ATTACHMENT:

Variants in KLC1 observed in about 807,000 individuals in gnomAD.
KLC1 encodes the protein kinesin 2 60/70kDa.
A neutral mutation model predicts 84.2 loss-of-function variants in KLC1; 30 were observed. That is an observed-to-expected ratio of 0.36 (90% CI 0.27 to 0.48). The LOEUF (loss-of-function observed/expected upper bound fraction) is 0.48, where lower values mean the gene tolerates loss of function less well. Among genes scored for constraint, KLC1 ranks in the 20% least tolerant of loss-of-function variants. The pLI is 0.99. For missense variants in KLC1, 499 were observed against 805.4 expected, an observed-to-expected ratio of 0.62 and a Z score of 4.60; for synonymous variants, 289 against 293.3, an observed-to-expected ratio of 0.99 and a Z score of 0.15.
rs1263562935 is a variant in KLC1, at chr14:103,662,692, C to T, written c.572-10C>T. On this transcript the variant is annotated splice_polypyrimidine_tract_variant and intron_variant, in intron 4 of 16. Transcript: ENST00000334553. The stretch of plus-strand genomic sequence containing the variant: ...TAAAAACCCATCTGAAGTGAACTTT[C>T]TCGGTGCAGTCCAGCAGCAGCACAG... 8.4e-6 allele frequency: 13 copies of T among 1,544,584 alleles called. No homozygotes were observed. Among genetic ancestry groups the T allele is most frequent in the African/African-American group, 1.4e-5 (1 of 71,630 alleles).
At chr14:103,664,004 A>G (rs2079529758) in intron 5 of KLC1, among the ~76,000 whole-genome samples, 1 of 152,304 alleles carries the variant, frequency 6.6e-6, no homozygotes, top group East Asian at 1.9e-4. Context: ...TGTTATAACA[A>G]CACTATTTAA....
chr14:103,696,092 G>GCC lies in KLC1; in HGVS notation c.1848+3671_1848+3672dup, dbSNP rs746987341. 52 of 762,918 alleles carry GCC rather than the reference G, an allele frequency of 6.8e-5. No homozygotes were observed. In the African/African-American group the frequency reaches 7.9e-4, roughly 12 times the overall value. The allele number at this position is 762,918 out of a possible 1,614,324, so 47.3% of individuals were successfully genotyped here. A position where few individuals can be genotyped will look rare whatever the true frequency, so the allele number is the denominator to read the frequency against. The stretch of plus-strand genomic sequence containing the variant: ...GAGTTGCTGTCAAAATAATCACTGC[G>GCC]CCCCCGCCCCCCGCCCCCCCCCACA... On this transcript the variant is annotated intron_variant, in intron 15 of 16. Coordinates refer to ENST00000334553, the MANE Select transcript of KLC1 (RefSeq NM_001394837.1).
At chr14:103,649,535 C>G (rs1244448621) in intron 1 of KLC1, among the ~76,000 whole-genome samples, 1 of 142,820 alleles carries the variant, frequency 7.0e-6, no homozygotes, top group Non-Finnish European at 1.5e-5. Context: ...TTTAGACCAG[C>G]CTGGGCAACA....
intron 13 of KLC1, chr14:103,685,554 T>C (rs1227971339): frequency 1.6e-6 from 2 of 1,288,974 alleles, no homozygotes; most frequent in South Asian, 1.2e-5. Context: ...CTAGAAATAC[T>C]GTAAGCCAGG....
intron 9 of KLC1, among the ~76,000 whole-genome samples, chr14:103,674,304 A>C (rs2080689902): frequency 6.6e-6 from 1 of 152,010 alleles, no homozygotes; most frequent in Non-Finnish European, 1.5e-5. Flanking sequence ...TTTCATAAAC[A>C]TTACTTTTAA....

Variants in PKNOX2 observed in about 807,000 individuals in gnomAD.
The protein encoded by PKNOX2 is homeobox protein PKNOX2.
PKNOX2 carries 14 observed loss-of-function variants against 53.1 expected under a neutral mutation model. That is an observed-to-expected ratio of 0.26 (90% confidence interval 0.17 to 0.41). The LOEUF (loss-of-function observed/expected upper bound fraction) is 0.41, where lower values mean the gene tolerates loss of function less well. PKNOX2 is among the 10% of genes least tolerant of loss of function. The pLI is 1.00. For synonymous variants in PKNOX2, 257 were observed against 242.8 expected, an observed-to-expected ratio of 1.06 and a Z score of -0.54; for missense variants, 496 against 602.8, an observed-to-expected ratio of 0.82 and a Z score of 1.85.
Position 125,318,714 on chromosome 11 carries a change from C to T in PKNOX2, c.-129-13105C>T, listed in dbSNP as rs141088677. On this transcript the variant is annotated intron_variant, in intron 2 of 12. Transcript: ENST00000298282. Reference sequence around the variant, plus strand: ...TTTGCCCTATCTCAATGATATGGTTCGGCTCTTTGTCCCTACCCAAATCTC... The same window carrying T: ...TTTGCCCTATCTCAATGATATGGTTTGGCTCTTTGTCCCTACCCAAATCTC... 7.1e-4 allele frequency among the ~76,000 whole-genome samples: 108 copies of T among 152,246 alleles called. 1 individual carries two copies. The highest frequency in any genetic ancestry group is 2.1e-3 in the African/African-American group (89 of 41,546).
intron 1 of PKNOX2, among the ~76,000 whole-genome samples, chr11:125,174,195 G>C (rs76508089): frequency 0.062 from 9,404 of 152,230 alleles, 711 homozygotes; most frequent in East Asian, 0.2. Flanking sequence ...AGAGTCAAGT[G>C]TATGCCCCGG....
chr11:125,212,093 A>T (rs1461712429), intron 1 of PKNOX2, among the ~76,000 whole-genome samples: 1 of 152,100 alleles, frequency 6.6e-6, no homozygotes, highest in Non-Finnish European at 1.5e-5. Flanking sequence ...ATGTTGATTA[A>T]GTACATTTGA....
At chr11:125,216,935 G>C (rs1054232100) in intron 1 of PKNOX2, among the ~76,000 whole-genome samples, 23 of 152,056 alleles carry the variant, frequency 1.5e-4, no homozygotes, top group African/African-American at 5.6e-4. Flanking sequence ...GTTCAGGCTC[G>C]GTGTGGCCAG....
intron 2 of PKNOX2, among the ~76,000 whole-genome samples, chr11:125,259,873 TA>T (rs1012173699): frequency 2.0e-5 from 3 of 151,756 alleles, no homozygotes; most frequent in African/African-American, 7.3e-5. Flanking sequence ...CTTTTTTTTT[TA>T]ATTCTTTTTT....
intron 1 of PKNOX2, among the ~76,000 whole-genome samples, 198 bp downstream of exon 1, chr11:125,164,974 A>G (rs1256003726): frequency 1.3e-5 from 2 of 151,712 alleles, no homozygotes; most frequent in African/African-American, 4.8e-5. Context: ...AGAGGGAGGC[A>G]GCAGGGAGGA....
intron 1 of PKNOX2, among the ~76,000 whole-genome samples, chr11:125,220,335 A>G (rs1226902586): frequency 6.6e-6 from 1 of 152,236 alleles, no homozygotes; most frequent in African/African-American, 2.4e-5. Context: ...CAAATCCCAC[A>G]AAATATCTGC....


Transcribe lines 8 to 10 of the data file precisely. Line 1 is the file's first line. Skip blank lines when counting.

intron 13 of KLC1, chr14:103,685,554 T>C (rs1227971339): frequency 1.6e-6 from 2 of 1,288,974 alleles, no homozygotes; most frequent in South Asian, 1.2e-5. Context: ...CTAGAAATAC[T>C]GTAAGCCAGG....
intron 9 of KLC1, among the ~76,000 whole-genome samples, chr14:103,674,304 A>C (rs2080689902): frequency 6.6e-6 from 1 of 152,010 alleles, no homozygotes; most frequent in Non-Finnish European, 1.5e-5. Flanking sequence ...TTTCATAAAC[A>C]TTACTTTTAA....

Variants in PKNOX2 observed in about 807,000 individuals in gnomAD.